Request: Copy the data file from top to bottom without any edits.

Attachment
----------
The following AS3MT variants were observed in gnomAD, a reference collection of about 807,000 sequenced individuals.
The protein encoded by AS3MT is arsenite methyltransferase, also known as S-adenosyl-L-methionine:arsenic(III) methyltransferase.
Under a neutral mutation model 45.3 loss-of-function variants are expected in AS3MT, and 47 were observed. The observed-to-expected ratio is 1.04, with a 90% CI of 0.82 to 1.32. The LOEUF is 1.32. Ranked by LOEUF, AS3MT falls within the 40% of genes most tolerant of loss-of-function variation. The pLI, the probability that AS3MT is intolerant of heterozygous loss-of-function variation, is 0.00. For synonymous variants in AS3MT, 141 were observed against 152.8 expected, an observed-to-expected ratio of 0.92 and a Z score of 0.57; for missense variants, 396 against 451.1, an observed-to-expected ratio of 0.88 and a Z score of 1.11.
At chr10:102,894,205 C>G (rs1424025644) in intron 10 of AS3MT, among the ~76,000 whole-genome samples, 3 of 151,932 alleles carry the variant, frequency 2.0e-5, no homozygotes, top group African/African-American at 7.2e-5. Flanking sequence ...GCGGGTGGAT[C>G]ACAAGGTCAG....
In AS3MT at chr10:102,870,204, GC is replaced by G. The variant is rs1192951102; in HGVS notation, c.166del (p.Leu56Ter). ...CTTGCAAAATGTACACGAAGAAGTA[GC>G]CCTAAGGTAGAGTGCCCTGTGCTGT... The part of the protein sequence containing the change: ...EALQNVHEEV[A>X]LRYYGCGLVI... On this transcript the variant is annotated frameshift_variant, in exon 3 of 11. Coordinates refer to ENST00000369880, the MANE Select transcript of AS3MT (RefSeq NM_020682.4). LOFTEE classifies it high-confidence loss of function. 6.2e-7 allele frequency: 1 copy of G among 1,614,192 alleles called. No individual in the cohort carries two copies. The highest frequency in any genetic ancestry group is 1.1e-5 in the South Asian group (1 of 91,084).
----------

The following AS3MT variants were observed in gnomAD, a reference collection of about 807,000 sequenced individuals.
The protein encoded by AS3MT is arsenite methyltransferase, also known as S-adenosyl-L-methionine:arsenic(III) methyltransferase.
Under a neutral mutation model 45.3 loss-of-function variants are expected in AS3MT, and 47 were observed. The observed-to-expected ratio is 1.04, with a 90% CI of 0.82 to 1.32. The LOEUF is 1.32. Ranked by LOEUF, AS3MT falls within the 40% of genes most tolerant of loss-of-function variation. The pLI, the probability that AS3MT is intolerant of heterozygous loss-of-function variation, is 0.00. For synonymous variants in AS3MT, 141 were observed against 152.8 expected, an observed-to-expected ratio of 0.92 and a Z score of 0.57; for missense variants, 396 against 451.1, an observed-to-expected ratio of 0.88 and a Z score of 1.11.
At chr10:102,894,205 C>G (rs1424025644) in intron 10 of AS3MT, among the ~76,000 whole-genome samples, 3 of 151,932 alleles carry the variant, frequency 2.0e-5, no homozygotes, top group African/African-American at 7.2e-5. Flanking sequence ...GCGGGTGGAT[C>G]ACAAGGTCAG....
In AS3MT at chr10:102,870,204, GC is replaced by G. The variant is rs1192951102; in HGVS notation, c.166del (p.Leu56Ter). ...CTTGCAAAATGTACACGAAGAAGTA[GC>G]CCTAAGGTAGAGTGCCCTGTGCTGT... The part of the protein sequence containing the change: ...EALQNVHEEV[A>X]LRYYGCGLVI... On this transcript the variant is annotated frameshift_variant, in exon 3 of 11. Coordinates refer to ENST00000369880, the MANE Select transcript of AS3MT (RefSeq NM_020682.4). LOFTEE classifies it high-confidence loss of function. 6.2e-7 allele frequency: 1 copy of G among 1,614,192 alleles called. No individual in the cohort carries two copies. The highest frequency in any genetic ancestry group is 1.1e-5 in the South Asian group (1 of 91,084).